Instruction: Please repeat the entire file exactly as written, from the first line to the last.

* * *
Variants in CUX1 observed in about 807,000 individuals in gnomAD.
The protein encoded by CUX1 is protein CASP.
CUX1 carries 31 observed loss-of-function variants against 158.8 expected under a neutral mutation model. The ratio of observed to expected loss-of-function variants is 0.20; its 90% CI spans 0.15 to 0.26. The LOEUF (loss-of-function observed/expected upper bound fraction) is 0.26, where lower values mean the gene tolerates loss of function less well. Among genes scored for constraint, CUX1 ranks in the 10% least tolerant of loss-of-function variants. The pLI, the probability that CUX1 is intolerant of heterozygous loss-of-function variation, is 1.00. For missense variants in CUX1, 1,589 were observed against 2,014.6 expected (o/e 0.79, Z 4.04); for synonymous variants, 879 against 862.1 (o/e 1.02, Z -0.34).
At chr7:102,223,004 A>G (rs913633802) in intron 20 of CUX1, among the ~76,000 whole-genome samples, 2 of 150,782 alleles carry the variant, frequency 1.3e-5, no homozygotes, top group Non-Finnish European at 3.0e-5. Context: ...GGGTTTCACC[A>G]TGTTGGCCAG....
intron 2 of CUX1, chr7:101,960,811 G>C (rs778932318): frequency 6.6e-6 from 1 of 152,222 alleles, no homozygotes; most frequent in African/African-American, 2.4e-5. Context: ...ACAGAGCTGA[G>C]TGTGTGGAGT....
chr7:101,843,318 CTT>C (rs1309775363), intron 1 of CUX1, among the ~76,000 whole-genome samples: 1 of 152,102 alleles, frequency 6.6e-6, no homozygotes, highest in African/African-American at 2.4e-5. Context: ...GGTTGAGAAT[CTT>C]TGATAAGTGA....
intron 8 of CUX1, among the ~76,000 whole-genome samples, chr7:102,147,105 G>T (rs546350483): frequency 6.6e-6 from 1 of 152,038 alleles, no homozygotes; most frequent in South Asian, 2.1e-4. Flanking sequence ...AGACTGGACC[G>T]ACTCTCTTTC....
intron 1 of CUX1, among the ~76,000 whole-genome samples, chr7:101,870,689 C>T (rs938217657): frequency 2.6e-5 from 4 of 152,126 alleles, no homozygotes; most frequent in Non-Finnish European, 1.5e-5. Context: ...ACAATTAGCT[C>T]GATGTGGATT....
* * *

Variants in CUX1 observed in about 807,000 individuals in gnomAD.
The protein encoded by CUX1 is protein CASP.
CUX1 carries 31 observed loss-of-function variants against 158.8 expected under a neutral mutation model. The ratio of observed to expected loss-of-function variants is 0.20; its 90% CI spans 0.15 to 0.26. The LOEUF (loss-of-function observed/expected upper bound fraction) is 0.26, where lower values mean the gene tolerates loss of function less well. Among genes scored for constraint, CUX1 ranks in the 10% least tolerant of loss-of-function variants. The pLI, the probability that CUX1 is intolerant of heterozygous loss-of-function variation, is 1.00. For missense variants in CUX1, 1,589 were observed against 2,014.6 expected (o/e 0.79, Z 4.04); for synonymous variants, 879 against 862.1 (o/e 1.02, Z -0.34).
At chr7:102,223,004 A>G (rs913633802) in intron 20 of CUX1, among the ~76,000 whole-genome samples, 2 of 150,782 alleles carry the variant, frequency 1.3e-5, no homozygotes, top group Non-Finnish European at 3.0e-5. Context: ...GGGTTTCACC[A>G]TGTTGGCCAG....
intron 2 of CUX1, chr7:101,960,811 G>C (rs778932318): frequency 6.6e-6 from 1 of 152,222 alleles, no homozygotes; most frequent in African/African-American, 2.4e-5. Context: ...ACAGAGCTGA[G>C]TGTGTGGAGT....
chr7:101,843,318 CTT>C (rs1309775363), intron 1 of CUX1, among the ~76,000 whole-genome samples: 1 of 152,102 alleles, frequency 6.6e-6, no homozygotes, highest in African/African-American at 2.4e-5. Context: ...GGTTGAGAAT[CTT>C]TGATAAGTGA....
intron 8 of CUX1, among the ~76,000 whole-genome samples, chr7:102,147,105 G>T (rs546350483): frequency 6.6e-6 from 1 of 152,038 alleles, no homozygotes; most frequent in South Asian, 2.1e-4. Flanking sequence ...AGACTGGACC[G>T]ACTCTCTTTC....
intron 1 of CUX1, among the ~76,000 whole-genome samples, chr7:101,870,689 C>T (rs938217657): frequency 2.6e-5 from 4 of 152,126 alleles, no homozygotes; most frequent in Non-Finnish European, 1.5e-5. Context: ...ACAATTAGCT[C>T]GATGTGGATT....